Yesterday, we posted about an article titled: ‘The Economist Explains: The status of Arabic speakers in Israel‘, included the bizarre claim that “Arabic songs were banned from Israeli radio for several decades.” We contacted the editor responsible for the article, who promptly responded to inform us that they upheld our complaint and removed the sentence in question.
A Nov. 27th article in The Economist titled ‘The Economist Explains: The status of Arabic speakers in Israel’, included the claim that “Arabic songs were banned from Israeli radio for several decades.” However, evidence suggests there couldn’t possibly have been such a ban (“for several decades”) on Arabic songs.
Our point isn’t to debate the merits of the Knesset’s muezzin bill, but to question why Fraser highlighted only Israeli efforts to limit noise from mosque loudspeakers – in a column focused on noise from a British airport – when he could have used similar examples from anywhere in the world.
Arab leaders have always treated Palestinian refugees as a political, rather than a humanitarian issue, and have placed political attacks against Israel above the welfare of the Palestinian people.
As the Jerusalem Post noted, the most recent FBI hate crime stats for 2015 showed that a shocking 53.3 percent of the religiously motivated hate crimes (or 664 incidents) were directed at Jews, who make up less than 2 percent of the population.
By uncritically repeating such toxic canards, and fail to make a serious effort to separate facts from anti-Zionist fiction, the Indy may increasingly be viewed by many within the British Jewish community as something akin to a purveyor of fake news about the Jewish state.
British magazine collaborates with Palestine Solidarity Campaign to produce ‘news’ about Israel (Update)
Though the PSC (whose Patrons include Jenny Tonge and Caryl Churchill) has every right to spread this kind of propaganda, the New Statesman – which, despite it’s hostility to Israel, fancies itself a serious news magazine guided by “scepticism” and “free thinking” – owes its readers more than to amplify, license and legitimise such one-sided, intellectually unserious hyperbole.
Cross posted from the blog of the Zionist Federation Prolific anti-Israel campaigner Ben White has announced the publication of his latest book: “The 2014 Gaza War: 21 Questions And Answers.” Given that […]
At times we take our collective memory of Guardian coverage of Israel for granted, so we’ve decided to provide a list of some egregious examples of bias and over the years – information helpful in contextualizing our ongoing analysis of the ‘liberal’ British newspaper.
The goal of journalism is to report the facts and inform the reader. When the Independent chose to mislead with a photo of Netanyahu, they were not engaging in journalism, but were involved in polemic and slander.
The spread of anti-Semitism – from university campuses to the heart of Westminster – is pernicious. Many may think of anti-Semitism as being a disease of another time. I, too, shared that belief. Yet the troubling truth is that this is wrong: anti-Semitism is alive and well. It’s time to kill it off before it’s too late.
In the Guardian mentality, you cannot carry a story of an ex-muslim persecuted for his apostasy for fear of inspiring hate against muslims. Thus a genuine case of hate crime is ignored on the grounds it could lead to other, imagined hate crimes.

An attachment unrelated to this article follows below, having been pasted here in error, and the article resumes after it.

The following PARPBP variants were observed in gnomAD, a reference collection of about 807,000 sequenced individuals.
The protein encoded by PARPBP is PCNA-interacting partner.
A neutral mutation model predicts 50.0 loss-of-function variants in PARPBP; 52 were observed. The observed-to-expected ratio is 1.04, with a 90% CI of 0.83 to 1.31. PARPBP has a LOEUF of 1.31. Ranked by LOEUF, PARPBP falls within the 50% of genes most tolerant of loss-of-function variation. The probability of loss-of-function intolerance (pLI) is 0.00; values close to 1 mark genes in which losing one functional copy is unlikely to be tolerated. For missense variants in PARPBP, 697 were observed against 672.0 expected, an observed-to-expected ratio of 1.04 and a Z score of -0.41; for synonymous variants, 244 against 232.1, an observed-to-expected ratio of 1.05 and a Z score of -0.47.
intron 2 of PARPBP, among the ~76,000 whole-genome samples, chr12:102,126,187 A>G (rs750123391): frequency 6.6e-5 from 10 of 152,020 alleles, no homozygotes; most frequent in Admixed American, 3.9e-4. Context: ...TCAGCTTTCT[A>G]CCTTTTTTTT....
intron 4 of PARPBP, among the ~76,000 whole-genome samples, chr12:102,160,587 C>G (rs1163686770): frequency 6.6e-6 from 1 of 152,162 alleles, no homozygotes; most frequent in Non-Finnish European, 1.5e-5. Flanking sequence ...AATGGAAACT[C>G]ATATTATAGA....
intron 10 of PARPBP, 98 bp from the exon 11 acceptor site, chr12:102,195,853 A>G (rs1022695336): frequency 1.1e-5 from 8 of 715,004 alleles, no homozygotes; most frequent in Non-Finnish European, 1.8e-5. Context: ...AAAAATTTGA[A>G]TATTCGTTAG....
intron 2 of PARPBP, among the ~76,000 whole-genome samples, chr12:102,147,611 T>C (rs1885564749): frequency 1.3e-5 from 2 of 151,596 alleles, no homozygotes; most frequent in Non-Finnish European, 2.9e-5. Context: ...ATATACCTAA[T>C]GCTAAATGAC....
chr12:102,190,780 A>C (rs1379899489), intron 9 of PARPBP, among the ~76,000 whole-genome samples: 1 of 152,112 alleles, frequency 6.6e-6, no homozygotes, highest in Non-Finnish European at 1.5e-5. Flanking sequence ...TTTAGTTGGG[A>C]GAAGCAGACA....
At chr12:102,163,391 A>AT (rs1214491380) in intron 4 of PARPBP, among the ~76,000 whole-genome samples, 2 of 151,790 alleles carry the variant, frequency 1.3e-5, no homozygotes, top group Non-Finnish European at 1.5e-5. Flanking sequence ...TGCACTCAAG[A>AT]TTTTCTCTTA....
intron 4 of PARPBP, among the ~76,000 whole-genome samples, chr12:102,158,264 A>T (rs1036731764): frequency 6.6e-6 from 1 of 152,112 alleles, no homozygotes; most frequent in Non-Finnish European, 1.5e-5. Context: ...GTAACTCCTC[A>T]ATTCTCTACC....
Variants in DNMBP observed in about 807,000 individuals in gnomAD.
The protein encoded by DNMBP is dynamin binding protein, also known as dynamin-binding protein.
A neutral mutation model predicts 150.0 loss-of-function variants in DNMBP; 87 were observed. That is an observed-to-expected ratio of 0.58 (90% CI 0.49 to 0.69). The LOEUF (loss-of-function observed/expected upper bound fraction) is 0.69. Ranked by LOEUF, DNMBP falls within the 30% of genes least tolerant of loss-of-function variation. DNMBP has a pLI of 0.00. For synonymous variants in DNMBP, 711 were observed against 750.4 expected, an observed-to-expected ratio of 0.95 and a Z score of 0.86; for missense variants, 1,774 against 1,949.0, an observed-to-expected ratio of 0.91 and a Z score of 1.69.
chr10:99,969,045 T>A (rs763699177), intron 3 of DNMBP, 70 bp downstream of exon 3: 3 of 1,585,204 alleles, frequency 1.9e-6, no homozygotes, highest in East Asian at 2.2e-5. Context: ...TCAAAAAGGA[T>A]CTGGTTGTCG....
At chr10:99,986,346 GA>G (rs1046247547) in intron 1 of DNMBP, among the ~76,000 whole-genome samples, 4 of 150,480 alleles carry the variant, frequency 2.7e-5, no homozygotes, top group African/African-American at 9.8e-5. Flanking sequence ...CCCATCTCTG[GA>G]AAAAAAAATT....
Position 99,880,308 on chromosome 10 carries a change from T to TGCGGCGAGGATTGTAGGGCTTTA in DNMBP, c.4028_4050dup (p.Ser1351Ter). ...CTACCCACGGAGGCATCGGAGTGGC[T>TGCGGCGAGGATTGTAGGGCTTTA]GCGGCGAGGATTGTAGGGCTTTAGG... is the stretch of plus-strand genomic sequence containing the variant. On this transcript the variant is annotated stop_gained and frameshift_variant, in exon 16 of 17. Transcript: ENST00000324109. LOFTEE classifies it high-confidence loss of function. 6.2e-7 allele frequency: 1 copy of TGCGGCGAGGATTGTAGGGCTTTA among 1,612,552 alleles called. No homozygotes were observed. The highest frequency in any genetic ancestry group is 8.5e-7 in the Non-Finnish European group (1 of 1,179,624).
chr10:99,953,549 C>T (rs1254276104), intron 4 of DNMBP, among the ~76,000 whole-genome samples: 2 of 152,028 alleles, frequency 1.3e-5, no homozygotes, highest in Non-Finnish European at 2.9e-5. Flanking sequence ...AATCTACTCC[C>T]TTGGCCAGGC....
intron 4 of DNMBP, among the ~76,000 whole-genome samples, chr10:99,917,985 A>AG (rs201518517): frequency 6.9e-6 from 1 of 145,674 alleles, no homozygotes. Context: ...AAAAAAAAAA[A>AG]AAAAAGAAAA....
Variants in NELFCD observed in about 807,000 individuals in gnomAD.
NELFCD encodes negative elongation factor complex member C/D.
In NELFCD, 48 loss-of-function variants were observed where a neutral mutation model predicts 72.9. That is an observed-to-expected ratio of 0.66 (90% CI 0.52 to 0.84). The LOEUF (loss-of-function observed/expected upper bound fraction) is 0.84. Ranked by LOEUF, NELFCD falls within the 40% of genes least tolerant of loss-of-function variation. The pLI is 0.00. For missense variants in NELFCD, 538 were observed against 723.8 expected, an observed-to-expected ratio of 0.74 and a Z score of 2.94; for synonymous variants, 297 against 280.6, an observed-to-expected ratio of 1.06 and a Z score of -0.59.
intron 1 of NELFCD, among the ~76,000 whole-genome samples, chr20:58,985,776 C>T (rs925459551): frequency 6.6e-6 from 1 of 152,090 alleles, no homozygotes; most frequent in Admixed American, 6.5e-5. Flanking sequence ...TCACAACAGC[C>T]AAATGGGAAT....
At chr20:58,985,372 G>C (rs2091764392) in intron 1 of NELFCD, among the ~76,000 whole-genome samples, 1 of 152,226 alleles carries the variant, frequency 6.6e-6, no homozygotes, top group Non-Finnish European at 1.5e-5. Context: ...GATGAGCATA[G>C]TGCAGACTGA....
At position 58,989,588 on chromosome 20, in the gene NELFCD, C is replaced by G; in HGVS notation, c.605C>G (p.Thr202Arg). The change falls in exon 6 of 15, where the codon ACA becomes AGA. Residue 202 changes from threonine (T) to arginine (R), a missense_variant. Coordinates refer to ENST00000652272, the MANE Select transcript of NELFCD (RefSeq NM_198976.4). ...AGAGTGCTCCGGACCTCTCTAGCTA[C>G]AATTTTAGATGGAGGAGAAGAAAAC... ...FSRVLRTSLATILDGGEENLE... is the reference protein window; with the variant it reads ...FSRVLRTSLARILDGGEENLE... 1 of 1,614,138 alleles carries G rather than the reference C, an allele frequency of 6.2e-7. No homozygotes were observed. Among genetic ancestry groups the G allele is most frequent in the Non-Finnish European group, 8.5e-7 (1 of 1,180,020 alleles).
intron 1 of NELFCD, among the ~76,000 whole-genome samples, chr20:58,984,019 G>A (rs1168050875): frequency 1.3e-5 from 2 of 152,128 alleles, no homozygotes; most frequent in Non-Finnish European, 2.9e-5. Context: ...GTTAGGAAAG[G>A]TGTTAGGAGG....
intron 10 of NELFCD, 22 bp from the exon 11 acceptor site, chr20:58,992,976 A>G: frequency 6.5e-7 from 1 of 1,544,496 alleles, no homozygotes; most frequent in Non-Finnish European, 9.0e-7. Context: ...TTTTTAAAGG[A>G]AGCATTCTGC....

The British do need to “reflect on a painful legacy”. Balfour was written in 1917. By 1922 the Mandate was in place. If the British had swiftly finished the job they had been given international license to carry out, just how many Jewish lives could have been saved?
At present there is no approval process for booking rooms in Parliament. This is clearly unsatisfactory. I hope people will write to their MPs to support the implementation of such a process — so that extremist meetings like that hosted by Tonge will never again be held in Parliament.
Indy readers interested in learning about the Israeli-Palestinian Conflict are informed that Israel destroys Muslim graves, shoots innocent Palestinian children, breaches Palestinian rights to development and violates the academic freedom of pro-Palestinian Britons.
“When you look at the events at UCL…the intention of the protestors was the same as in the 1970s when Jewish Societies were banned: to declare Zionism outside the boundaries of the democratic community of a Students’ Union. This inevitably places most Jewish students outside that boundary and restricts their rights and activities in comparison to other students on campus.”
On Friday, we spotted the following error in an Independent article written by Matt Broomfield titled “Israel: Prayer protesters in violent Western Wall clash with ultra-conservative Orthodox Jews”. False claim @Independent. No, the […]
What the Indy sold to readers as the wanton destruction by Israeli officials, who “stormed” a historic cemetery to destroy Muslim “graves”, can more accurately be characterized as a cynical public relations stunt within a long pattern of Palestinian efforts to destroy Temple Mount antiquities and erase Jewish history.
There are many reasonable criticisms of British and French involvement in the war, but to characterize the military action to end an illegal blockade of Israeli ships as an “unprovoked” attack is just absurd.
Mazzig and Jewish attendees were repeatedly intimidated and harassed and eventually had to be evacuated by police. The incident prompted a chorus of criticism from MPs and Jewish organizations, which led to an announcement by the university that an official investigation would be launched. UK news outlets reporting the incident include the Times of London, the Telegraph, the Daily Mail, the Independent, the Express, the Evening Standard, Channel 4 News and LBC. Yet, the ‘anti-racism’ campaigners at the Guardian have thus far completely ignored the story.